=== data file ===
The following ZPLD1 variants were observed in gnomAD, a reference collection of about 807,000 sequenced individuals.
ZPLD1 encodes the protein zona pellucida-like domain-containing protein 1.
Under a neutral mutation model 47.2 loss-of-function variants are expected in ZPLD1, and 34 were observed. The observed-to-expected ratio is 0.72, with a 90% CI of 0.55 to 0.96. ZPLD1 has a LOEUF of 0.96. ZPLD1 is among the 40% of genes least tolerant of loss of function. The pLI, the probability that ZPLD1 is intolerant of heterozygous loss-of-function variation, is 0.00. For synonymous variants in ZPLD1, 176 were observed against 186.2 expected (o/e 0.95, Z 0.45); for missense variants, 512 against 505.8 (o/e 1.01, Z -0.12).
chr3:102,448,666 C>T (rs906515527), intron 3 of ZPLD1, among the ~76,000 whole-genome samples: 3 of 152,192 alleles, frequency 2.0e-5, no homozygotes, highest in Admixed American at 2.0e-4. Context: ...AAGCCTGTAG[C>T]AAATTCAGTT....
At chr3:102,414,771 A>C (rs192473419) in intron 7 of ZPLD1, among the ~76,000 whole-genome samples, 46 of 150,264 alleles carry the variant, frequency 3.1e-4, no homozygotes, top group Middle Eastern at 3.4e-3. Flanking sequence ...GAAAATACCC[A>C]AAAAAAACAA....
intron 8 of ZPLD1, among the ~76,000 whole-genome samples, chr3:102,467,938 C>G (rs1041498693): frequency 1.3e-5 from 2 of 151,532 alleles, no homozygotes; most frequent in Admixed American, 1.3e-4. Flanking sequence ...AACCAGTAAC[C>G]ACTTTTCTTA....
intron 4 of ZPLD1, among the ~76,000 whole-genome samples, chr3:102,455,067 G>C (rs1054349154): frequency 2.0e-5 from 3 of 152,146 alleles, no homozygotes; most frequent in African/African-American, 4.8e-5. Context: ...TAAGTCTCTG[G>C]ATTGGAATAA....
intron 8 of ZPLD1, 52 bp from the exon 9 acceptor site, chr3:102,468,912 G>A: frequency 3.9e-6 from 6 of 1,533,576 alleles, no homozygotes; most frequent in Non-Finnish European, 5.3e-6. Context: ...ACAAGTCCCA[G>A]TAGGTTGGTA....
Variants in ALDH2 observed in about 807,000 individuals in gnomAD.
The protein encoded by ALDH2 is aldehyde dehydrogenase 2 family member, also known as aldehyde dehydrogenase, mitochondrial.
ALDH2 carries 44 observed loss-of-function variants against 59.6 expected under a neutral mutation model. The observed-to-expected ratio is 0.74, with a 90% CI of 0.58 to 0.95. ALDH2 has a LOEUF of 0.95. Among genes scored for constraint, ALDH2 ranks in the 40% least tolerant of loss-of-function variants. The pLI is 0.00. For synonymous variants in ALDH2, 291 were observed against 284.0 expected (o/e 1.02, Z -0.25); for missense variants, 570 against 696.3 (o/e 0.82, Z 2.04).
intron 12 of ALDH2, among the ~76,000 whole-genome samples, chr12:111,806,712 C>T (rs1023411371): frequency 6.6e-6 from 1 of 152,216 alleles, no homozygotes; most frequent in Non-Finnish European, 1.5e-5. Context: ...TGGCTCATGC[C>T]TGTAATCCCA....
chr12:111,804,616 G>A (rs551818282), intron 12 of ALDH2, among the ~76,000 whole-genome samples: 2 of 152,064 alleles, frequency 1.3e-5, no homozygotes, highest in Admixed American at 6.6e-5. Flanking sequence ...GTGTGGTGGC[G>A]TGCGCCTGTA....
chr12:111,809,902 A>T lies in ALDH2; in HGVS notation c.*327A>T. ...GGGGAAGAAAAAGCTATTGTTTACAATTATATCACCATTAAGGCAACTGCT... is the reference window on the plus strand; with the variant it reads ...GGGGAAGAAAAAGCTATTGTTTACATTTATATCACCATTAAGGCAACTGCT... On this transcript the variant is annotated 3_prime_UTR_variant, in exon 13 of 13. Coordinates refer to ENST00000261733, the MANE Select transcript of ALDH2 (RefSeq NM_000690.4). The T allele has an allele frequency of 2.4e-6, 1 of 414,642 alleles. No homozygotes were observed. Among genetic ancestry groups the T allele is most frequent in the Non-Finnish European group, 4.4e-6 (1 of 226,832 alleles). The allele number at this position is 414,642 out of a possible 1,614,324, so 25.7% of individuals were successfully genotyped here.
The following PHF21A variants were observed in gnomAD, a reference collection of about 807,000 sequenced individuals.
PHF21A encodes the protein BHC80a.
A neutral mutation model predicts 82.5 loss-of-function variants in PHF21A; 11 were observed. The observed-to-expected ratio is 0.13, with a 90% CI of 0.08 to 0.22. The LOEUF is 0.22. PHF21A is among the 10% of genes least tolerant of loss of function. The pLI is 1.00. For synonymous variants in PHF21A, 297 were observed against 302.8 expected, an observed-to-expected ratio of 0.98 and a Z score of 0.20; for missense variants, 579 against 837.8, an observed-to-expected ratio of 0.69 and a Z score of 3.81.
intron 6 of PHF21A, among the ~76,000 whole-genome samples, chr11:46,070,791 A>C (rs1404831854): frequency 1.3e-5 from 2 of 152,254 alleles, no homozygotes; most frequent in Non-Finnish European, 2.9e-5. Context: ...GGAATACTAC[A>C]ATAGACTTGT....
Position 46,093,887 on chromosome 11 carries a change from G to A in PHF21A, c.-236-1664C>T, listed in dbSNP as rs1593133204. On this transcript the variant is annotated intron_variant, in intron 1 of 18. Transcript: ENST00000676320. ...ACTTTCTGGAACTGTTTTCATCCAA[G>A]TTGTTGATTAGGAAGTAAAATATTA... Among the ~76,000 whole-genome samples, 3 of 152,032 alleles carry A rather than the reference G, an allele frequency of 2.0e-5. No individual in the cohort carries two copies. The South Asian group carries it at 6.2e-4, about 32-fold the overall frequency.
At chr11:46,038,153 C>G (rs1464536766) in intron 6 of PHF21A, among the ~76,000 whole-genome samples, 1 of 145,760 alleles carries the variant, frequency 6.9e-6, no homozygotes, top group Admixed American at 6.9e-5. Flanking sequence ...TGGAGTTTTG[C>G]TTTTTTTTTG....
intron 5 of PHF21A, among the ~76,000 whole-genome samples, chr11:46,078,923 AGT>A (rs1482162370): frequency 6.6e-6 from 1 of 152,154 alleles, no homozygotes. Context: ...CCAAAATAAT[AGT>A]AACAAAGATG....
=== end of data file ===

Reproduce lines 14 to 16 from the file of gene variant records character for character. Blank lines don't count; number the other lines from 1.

chr12:111,809,902 A>T lies in ALDH2; in HGVS notation c.*327A>T. ...GGGGAAGAAAAAGCTATTGTTTACAATTATATCACCATTAAGGCAACTGCT... is the reference window on the plus strand; with the variant it reads ...GGGGAAGAAAAAGCTATTGTTTACATTTATATCACCATTAAGGCAACTGCT... On this transcript the variant is annotated 3_prime_UTR_variant, in exon 13 of 13. Coordinates refer to ENST00000261733, the MANE Select transcript of ALDH2 (RefSeq NM_000690.4). The T allele has an allele frequency of 2.4e-6, 1 of 414,642 alleles. No homozygotes were observed. Among genetic ancestry groups the T allele is most frequent in the Non-Finnish European group, 4.4e-6 (1 of 226,832 alleles). The allele number at this position is 414,642 out of a possible 1,614,324, so 25.7% of individuals were successfully genotyped here.
The following PHF21A variants were observed in gnomAD, a reference collection of about 807,000 sequenced individuals.
PHF21A encodes the protein BHC80a.